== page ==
Wednesday, October 26, 2011

Voting Vulnerable Adults at Issue

Last year, as a 35-year-old vulnerable adult, Jim [Stene]lived in the Clark Lake Home in Brainerd and voted in the 2010 election via absentee ballot on Oct. 29 in the Crow Wing County historic courthouse along with other group home residents.

Monty Jensen, Crow Wing Township resident, who was also in the courthouse at that time, said he was concerned by what he saw as voter fraud.

On Nov. 1, Jensen filed a complaint with Crow Wing County Attorney Don Ryan’s office.

In his affidavit, Jensen said he witnessed what appeared to be staff members from a group home filling out a client’s ballot and verbally instructing a client who to vote for during absentee balloting.

In March, Ryan said what Jensen observed was somewhat substantiated but he didn’t have evidence of a crime beyond a reasonable doubt. It is legal for people in guardianship status to vote in Minnesota and be assisted if needed.

Lynn Peterson, owner of Clark Lake Home, did not return a call seeking comment for this story.

On April 26, Al Stene testified before the House of Representative’s Civil Law Committee along with Rep. Mary Kiffmeyer, R-Big Lake, who authored a bill this spring regarding changes to voter eligibility requirements, including those directed at people placed in guardianships.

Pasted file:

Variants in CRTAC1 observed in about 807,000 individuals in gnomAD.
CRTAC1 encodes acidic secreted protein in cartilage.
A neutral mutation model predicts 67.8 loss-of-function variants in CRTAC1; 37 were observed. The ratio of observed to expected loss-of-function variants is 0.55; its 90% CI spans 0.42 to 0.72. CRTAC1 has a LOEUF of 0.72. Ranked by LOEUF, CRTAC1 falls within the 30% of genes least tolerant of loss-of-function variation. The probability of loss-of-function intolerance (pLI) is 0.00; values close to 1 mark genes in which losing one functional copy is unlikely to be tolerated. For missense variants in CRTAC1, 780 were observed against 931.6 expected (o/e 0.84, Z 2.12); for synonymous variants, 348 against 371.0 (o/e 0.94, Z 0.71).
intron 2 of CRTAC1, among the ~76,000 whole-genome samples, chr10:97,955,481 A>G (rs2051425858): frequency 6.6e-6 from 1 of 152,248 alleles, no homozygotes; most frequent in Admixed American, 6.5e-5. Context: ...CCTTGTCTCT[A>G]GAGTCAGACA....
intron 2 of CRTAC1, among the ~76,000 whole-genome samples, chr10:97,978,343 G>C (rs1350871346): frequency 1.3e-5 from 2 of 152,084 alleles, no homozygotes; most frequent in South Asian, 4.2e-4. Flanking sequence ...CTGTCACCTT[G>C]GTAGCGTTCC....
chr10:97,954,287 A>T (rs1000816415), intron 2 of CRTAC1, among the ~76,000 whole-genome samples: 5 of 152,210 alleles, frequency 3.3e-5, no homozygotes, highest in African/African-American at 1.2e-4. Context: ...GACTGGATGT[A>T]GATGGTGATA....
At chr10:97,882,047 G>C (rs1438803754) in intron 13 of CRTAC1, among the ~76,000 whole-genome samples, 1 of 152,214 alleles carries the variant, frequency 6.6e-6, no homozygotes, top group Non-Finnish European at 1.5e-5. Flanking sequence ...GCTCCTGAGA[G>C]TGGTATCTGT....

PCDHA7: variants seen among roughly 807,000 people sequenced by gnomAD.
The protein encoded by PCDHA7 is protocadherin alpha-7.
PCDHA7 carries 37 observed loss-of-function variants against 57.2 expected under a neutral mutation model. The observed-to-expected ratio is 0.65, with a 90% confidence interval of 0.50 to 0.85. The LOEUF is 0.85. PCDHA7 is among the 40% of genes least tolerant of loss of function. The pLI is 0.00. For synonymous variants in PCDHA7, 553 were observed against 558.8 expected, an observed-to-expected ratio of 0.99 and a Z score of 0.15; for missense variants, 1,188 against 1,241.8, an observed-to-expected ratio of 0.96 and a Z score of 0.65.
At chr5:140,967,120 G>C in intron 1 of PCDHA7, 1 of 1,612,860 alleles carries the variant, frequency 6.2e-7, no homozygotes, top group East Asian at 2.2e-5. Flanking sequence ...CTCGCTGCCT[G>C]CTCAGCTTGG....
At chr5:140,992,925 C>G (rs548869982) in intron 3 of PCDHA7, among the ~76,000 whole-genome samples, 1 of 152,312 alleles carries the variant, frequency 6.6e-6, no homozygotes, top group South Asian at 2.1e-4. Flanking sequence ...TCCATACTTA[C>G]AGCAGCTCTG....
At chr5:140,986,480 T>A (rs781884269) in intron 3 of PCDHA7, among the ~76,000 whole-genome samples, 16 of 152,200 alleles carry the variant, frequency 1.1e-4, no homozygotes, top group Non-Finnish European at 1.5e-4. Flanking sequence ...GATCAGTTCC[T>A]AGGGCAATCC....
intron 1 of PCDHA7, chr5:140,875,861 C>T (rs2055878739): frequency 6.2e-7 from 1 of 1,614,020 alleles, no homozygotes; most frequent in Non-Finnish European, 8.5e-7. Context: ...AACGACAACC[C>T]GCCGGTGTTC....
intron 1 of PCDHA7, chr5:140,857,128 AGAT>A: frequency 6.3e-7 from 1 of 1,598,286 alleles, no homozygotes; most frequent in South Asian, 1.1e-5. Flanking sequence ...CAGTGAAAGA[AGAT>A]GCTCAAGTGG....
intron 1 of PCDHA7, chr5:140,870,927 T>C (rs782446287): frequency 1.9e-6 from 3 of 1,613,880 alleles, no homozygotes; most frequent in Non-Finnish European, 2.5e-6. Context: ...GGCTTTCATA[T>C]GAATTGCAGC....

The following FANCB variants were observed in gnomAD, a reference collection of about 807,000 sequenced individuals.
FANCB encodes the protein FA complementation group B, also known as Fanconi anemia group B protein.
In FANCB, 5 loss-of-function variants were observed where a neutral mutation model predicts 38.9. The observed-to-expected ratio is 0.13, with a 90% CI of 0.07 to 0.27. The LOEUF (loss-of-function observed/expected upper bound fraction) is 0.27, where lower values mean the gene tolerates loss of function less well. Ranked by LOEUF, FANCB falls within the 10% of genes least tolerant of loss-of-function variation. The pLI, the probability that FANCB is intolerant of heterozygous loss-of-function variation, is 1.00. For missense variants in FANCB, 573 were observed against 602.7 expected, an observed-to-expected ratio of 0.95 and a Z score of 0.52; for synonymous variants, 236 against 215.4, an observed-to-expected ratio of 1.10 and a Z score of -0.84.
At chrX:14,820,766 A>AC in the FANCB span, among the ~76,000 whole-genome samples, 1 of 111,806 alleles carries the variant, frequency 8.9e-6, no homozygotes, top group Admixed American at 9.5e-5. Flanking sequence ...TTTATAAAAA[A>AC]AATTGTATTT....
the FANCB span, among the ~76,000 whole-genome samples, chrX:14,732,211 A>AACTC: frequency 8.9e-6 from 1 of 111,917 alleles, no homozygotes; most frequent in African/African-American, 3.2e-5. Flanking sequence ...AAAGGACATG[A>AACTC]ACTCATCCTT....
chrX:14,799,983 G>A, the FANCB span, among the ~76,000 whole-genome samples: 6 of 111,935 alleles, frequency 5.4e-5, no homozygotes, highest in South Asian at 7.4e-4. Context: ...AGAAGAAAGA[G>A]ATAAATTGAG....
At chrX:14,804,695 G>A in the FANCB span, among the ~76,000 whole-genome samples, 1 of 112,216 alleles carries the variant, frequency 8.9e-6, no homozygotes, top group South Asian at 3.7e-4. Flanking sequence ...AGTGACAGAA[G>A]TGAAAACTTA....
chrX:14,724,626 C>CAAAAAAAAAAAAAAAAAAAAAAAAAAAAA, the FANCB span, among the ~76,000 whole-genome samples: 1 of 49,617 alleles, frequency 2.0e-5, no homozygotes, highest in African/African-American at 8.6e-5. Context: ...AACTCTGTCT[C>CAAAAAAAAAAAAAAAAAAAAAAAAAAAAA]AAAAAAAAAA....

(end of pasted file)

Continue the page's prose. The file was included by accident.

The allegations of voter fraud were taken by some as a partisan issue. Stene has maintained that is not his focus.

Full Article and Source:
Vulnerable Adults as Voters at Issue


Anonymous said...

When all other rights are taken away by guardianship - the right to contract, drive, marry - because of a person's cognitive or other problems, why should they have the right to vote and then be manipulated?

StandUp said...

I agree, Anonymous. I know the right to vote is precious to all of us, but I believe it's down on the list of rights taken away by guardianship and conservatorship proceedings which lead to abuse.